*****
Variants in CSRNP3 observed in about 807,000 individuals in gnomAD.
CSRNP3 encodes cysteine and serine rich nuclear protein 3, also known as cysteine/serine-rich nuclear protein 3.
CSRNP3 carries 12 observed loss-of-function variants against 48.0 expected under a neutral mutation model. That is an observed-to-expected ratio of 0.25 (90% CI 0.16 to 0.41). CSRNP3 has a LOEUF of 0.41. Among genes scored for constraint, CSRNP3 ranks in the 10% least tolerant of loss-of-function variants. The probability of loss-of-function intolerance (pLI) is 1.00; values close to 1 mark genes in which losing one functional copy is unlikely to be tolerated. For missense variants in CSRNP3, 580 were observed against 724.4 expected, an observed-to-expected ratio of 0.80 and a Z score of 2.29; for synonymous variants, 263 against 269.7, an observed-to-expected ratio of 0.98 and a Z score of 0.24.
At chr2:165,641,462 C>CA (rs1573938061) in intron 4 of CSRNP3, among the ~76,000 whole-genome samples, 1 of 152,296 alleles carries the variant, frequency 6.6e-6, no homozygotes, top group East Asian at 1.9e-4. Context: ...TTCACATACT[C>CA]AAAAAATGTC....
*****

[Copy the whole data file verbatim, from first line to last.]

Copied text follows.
Variants in CSRNP3 observed in about 807,000 individuals in gnomAD.
CSRNP3 encodes cysteine and serine rich nuclear protein 3, also known as cysteine/serine-rich nuclear protein 3.
CSRNP3 carries 12 observed loss-of-function variants against 48.0 expected under a neutral mutation model. That is an observed-to-expected ratio of 0.25 (90% CI 0.16 to 0.41). CSRNP3 has a LOEUF of 0.41. Among genes scored for constraint, CSRNP3 ranks in the 10% least tolerant of loss-of-function variants. The probability of loss-of-function intolerance (pLI) is 1.00; values close to 1 mark genes in which losing one functional copy is unlikely to be tolerated. For missense variants in CSRNP3, 580 were observed against 724.4 expected, an observed-to-expected ratio of 0.80 and a Z score of 2.29; for synonymous variants, 263 against 269.7, an observed-to-expected ratio of 0.98 and a Z score of 0.24.
At chr2:165,641,462 C>CA (rs1573938061) in intron 4 of CSRNP3, among the ~76,000 whole-genome samples, 1 of 152,296 alleles carries the variant, frequency 6.6e-6, no homozygotes, top group East Asian at 1.9e-4. Context: ...TTCACATACT[C>CA]AAAAAATGTC....